News, Views, Happiness Pursued

Shining Light on Humanity

Lessons on Purpose from a Joyfully Ornery Octogenarian

by | Sep 5, 2021

“Purposes are deduced from behaviour, not from rhetoric or stated goals.”
– Donella Meadows

What’s the point of “Shining Light on Humanity”? For whom do I write? And why?

I write for you. Whether you are wealthy or impoverished, incarcerated or free, encouraged or downtrodden, it is my aim to reach your heart so you will want to open your mind to see people differently. To see people more clearly. More compassionately.

My stated purpose, I wrote last summer, is “to show you that humanity still breathes in prison. Every ‘criminal’ with whom I speak, locked in chains, behind heavy steel doors, encircled by chain-link and razor-wire fences, is also a father, a son, a brother, an uncle, or a nephew. And each is worthy of notice and appreciation for his struggles” [“The Awesome Power of Forgiveness,” June 2020]. I stand by this purpose and reaffirm it here through my continued action.

As part of my faith practice, I remain in a near-constant state of self-examination. After writing this column for over a year, I wanted to share with you this side of me. It is so easy to become complacent in life. We take for granted that we are still doing what we set out to do, that we are remaining faithful to our purpose.

Some of us have yet to discover what that purpose is. If you have yet to achieve your clarity of purpose, I encourage you to start spending some time with yourself. Ask yourself, or if you have a relationship with God, ask Him in prayer to show you: Who am I? What are my strengths and weaknesses? What is the meaning of my existence each day?

A beautiful thing I learned from a then 85-year-young man is that it is never too late to begin seeking meaning in your life. Dennis was one of the most joyously mischievous people I have ever met. Like a really old child, he would constantly test the boundaries of everyone he met to see what he could get away with. How much could he get the person to pamper him? How elaborate a lie could he tell someone before they would call him out on it? A former hospice patient of mine, I grew to love that man. Through sharing joys and regrets in his last years, Dennis taught me a great deal about life.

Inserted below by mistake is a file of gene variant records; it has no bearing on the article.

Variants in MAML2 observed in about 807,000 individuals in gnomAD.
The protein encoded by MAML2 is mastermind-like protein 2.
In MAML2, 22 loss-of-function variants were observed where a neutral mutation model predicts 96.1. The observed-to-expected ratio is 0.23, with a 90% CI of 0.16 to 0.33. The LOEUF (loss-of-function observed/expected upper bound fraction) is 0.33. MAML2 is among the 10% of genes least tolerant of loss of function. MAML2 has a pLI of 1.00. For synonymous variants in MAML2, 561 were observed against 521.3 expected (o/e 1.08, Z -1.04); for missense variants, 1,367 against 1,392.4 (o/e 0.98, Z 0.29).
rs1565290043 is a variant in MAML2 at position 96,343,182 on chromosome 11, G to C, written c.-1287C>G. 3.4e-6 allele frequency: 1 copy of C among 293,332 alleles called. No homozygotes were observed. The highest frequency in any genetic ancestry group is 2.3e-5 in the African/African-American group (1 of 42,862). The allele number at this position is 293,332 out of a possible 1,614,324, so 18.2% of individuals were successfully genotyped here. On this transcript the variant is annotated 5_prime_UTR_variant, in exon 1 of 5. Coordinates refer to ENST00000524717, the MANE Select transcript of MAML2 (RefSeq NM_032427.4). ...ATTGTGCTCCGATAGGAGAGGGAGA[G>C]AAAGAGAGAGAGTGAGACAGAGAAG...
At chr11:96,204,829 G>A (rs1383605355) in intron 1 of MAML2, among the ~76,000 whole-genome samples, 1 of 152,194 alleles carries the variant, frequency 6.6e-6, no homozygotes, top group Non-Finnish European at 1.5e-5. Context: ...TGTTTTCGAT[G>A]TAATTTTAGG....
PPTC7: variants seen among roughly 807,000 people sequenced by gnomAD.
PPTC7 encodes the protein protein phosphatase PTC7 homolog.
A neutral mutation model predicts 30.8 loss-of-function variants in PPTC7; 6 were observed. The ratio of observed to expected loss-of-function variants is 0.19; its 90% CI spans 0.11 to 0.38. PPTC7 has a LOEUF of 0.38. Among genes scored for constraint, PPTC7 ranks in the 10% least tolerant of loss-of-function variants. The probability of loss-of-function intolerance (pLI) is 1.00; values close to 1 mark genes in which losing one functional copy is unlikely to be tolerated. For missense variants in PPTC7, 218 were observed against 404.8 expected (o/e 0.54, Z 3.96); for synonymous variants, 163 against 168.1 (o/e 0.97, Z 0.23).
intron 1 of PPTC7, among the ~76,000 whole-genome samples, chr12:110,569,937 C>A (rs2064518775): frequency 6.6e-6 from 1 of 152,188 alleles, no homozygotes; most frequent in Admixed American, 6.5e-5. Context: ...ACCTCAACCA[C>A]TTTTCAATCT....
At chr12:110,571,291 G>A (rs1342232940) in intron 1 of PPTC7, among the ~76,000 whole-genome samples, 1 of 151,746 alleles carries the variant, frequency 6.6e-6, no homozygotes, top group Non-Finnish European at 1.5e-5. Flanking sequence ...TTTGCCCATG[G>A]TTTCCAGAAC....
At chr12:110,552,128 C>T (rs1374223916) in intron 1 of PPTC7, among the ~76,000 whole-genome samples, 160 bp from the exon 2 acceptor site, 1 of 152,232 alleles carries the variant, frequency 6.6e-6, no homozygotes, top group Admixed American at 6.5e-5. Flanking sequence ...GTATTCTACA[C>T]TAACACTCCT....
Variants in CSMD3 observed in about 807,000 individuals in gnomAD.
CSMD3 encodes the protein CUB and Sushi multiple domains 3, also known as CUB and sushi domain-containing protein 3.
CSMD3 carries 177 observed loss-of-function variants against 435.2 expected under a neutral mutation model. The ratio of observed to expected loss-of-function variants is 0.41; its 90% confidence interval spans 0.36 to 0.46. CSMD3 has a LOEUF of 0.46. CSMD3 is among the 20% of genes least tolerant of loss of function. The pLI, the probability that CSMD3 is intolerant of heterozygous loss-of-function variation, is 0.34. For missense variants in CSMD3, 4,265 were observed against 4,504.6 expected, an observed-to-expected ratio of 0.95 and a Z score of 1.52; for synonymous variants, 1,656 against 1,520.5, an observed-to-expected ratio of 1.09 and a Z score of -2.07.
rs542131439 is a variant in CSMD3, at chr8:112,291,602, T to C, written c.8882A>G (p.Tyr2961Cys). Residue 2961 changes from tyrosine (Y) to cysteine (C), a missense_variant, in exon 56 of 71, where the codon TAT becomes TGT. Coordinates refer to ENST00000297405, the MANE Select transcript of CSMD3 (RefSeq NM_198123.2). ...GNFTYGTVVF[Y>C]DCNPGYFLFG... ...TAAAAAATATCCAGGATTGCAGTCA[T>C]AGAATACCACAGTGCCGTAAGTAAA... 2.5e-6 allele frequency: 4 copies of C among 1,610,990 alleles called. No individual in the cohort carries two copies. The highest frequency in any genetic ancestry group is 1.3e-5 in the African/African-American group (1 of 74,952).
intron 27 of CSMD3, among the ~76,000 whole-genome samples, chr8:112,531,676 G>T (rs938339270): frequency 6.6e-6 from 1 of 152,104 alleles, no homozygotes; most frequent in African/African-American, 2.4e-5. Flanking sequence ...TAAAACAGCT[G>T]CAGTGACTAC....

During his recovery from multiple heart attacks, when he was still unsure whether he would have another year of life left, Dennis shared with me that he was finally ready to start counseling younger people. He commended me for the clear sincerity I bring to my work in this area, and said he hoped he’d have a chance to do the same someday. Sadly, he has since passed, but I know he had a positive impact on at least one younger person: me.

When Dennis allowed me to write a paper about his life for my Human Development college class, I had the privilege of interviewing him several times. At one point, I revisited our earlier conversation about his desire to be a mentor. “What advice would you give to a young person you were counseling?” I asked.

After a slight pause as he gazed beyond me, Dennis locked eyes with me and said, “Respect everybody. Befriend lonely people — you could change someone’s life, you know — and give to those in need.” With a chuckle, he then said his “number one” piece of advice would be “to become a Christian … but not everybody wants to be one.”

This joyfully ornery octogenarian had spent most of his life in the foster-care and prison systems. He had every reason to call it quits, give up the ghost, and check out of life. And there were times he said he wanted to. But, in the end, Dennis wouldn’t quit. He had a lifetime of regrets he wanted to atone for, and he finally decided to do something about it. He didn’t make his goal of reaching his 101st birthday, but he succeeded in providing counsel at a key point in someone else’s life.

I now ask you to do the same. Don’t be complacent about where you are in life. You still have work to do. Your life can still have meaning, more meaning, different meaning. Even if you’re struggling with a litany of health problems, carrying a lifetime of traumas, or feel like you have nothing to offer, you do. Even if you don’t believe it right now, God has gifted you with breath today so you could read these words.


Leo Hylton is a hospice volunteer, mentor, peer facilitator, K-9 Corrections dog handler, Master’s student, and Executive Secretary of the NAACP in Maine State Prison, Warren. You can reach him at: Leo Hylton #70199, 807 Cushing Road, Warren, ME, 04864, or

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